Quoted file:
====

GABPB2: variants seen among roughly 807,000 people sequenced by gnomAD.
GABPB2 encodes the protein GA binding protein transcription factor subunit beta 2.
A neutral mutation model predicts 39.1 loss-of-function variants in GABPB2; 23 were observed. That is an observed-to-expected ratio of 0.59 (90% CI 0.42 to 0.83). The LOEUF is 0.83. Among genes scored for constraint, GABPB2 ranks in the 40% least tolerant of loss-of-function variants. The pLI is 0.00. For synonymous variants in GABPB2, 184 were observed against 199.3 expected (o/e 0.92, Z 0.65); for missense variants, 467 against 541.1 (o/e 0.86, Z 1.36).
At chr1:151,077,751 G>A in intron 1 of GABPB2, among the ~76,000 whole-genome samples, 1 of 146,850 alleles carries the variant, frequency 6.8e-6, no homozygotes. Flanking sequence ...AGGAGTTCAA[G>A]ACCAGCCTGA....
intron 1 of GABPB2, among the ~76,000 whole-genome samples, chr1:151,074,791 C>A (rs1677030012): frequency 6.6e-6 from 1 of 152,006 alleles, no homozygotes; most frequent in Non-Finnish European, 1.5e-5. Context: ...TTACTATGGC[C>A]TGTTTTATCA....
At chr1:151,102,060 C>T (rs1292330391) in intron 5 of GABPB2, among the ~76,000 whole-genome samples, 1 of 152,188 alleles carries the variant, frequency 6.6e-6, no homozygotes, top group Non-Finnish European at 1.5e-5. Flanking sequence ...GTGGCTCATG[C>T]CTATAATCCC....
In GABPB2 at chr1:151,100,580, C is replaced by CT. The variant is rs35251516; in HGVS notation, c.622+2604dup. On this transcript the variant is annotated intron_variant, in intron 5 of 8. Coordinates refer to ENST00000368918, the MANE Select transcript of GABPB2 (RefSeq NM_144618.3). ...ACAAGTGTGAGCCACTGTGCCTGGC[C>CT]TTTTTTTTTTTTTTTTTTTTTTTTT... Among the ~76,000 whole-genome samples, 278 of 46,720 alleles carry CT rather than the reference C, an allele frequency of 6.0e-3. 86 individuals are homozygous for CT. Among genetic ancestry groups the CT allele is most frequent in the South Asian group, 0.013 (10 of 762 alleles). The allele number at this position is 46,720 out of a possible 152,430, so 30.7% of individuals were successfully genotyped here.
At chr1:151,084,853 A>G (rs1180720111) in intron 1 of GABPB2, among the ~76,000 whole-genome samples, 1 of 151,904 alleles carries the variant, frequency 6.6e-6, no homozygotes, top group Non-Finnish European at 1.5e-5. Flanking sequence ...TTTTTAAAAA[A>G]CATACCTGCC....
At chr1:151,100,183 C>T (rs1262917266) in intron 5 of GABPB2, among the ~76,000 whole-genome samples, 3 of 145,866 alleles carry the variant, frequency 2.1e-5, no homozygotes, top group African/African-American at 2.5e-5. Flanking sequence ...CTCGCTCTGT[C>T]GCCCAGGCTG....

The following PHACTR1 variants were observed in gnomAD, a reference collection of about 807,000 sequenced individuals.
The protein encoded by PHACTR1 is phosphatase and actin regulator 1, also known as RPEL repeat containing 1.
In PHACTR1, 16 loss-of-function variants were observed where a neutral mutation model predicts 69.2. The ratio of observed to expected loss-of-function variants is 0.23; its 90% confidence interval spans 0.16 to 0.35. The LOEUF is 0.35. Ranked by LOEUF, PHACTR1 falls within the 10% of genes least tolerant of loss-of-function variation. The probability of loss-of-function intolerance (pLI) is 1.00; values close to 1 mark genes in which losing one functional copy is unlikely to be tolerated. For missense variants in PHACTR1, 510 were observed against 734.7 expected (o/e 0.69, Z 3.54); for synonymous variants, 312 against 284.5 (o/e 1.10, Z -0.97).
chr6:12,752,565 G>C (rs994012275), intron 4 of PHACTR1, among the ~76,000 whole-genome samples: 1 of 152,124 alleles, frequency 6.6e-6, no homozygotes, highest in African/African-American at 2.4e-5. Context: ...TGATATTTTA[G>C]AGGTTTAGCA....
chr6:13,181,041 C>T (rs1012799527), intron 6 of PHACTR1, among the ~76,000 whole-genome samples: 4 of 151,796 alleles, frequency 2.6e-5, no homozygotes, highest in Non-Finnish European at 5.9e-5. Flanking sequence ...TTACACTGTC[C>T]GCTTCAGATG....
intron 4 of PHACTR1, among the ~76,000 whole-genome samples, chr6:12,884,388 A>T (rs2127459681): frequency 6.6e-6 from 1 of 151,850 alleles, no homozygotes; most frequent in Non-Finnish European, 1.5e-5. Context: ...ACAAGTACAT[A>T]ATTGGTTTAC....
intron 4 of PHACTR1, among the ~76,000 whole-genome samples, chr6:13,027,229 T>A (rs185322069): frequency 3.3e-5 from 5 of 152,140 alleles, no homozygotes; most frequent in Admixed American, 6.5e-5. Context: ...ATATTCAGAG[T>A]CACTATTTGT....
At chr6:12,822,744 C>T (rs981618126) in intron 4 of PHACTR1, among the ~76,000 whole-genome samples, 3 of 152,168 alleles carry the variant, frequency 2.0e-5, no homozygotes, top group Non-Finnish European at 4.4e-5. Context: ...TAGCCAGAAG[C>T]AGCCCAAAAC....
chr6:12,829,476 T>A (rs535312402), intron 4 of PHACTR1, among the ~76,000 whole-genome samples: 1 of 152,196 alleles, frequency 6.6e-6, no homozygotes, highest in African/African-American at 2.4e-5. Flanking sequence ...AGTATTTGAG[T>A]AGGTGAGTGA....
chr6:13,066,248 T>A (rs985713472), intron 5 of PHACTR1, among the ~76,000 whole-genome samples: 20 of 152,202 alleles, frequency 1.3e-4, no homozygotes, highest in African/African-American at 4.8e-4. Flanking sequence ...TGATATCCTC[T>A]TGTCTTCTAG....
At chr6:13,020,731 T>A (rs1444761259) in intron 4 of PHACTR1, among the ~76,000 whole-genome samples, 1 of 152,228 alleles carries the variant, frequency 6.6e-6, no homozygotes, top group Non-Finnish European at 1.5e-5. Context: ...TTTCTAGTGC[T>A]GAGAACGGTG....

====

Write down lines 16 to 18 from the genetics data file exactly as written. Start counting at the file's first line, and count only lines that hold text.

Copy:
intron 4 of PHACTR1, among the ~76,000 whole-genome samples, chr6:13,027,229 T>A (rs185322069): frequency 3.3e-5 from 5 of 152,140 alleles, no homozygotes; most frequent in Admixed American, 6.5e-5. Context: ...ATATTCAGAG[T>A]CACTATTTGT....
At chr6:12,822,744 C>T (rs981618126) in intron 4 of PHACTR1, among the ~76,000 whole-genome samples, 3 of 152,168 alleles carry the variant, frequency 2.0e-5, no homozygotes, top group Non-Finnish European at 4.4e-5. Context: ...TAGCCAGAAG[C>T]AGCCCAAAAC....
chr6:12,829,476 T>A (rs535312402), intron 4 of PHACTR1, among the ~76,000 whole-genome samples: 1 of 152,196 alleles, frequency 6.6e-6, no homozygotes, highest in African/African-American at 2.4e-5. Flanking sequence ...AGTATTTGAG[T>A]AGGTGAGTGA....